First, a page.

Barrington Capital Management, Inc. provides customized financial solutions for unique financial challenges and objectives. Their expertise is in the development, implementation and ongoing management of a customized and diversified investment strategy. Barrington's mission is to assist in building, enhancing, and protecting personal wealth and maintaining financial security.
President and Chief Executive Officer, Bob Lawson, has over 35 years of financial services experience as an Investment Advisory and Insurance Agency Executive, Securities Principal, and Options Principal. Bob proudly serves as an industry arbitrator for the Financial Industry Regulatory Authority (FINRA) and the National Futures Association (NFA), a Certified Fraud Examiner (CFE), ERISA (3)-21 Fiduciary, Master Registered Financial Consultant, and an Accredited Investment Fiduciary. In addition to teaching advanced investment strategies and Retirement Planning classes throughout the year.
Bob Lawson has special expertise in stock options and has presented the following Options Industry Council (OIC) seminars to retail and industry professionals throughout the United States:
In the securities brokerage industry, "selling-away" refers to the prohibited practice of an Associated Person effecting or soliciting the sale of securities or investment products not held or approved with whom the broker is affiliated without prior written consent. FINRA regulators have seen a steady flow of selling-away cases over the years involving registered representatives who are being targeted by issuers, promoters and marketing agents to sell their nontraditional investment products to their retail customers. In many instances, promoters of these products are marketing them as non-securities products that do not have to be sold through a broker-dealer by a registered person. In a significant number of cases, associated persons have sold these investments to their customers away from the broker-dealer and without firm approval as required by FINRA Rule 3270. Selling-away often occurs in an independent branch or a satellite office, where Associated Persons are removed from the day-to-day oversight and supervision of their brokerage firm's compliance department.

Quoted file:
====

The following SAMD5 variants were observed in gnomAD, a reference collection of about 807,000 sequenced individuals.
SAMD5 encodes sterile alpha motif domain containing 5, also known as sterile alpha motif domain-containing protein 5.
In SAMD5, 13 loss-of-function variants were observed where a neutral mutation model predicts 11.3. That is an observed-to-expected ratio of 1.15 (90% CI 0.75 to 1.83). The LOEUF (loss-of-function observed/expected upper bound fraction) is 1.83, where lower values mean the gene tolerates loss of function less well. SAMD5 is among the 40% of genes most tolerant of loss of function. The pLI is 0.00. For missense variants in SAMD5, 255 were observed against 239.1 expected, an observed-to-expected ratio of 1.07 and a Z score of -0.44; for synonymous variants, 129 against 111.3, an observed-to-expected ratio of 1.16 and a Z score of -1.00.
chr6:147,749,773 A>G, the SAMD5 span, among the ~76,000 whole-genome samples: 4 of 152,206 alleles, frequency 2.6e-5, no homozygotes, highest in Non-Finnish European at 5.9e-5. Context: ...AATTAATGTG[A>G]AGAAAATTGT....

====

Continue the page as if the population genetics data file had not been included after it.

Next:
I receive phone calls throughout the year from attorneys who have taken on their first FINRA case and they frequently are unaware how the FINRA Dispute Resolution process differs from other venues. I thought it would be helpful to provide a quick overview for new participants and a refresher for those more experienced securities attorneys on how the FINRA Arbitration and Mediation process works.
In FINRA-related cases many attorneys see discovery requests objected to by opposing counsel. Typically, opposing counsel objects to discovery requests citing that items requested are either "overly broad, vague, or ambiguous", or "impermissible per FINRA's Code of Arbitration Procedure". However, despite opposing counsel's reasoning, many objections to discovery requests are irrelevant and do not hold up in regard to FINRA's Code of Arbitration Procedure. Attorneys should not be intimidated or discouraged by these objections, but rather should understand that FINRA's guidelines concerning arbitration allow for most applicable and reasonably obtainable discovery information to be delivered.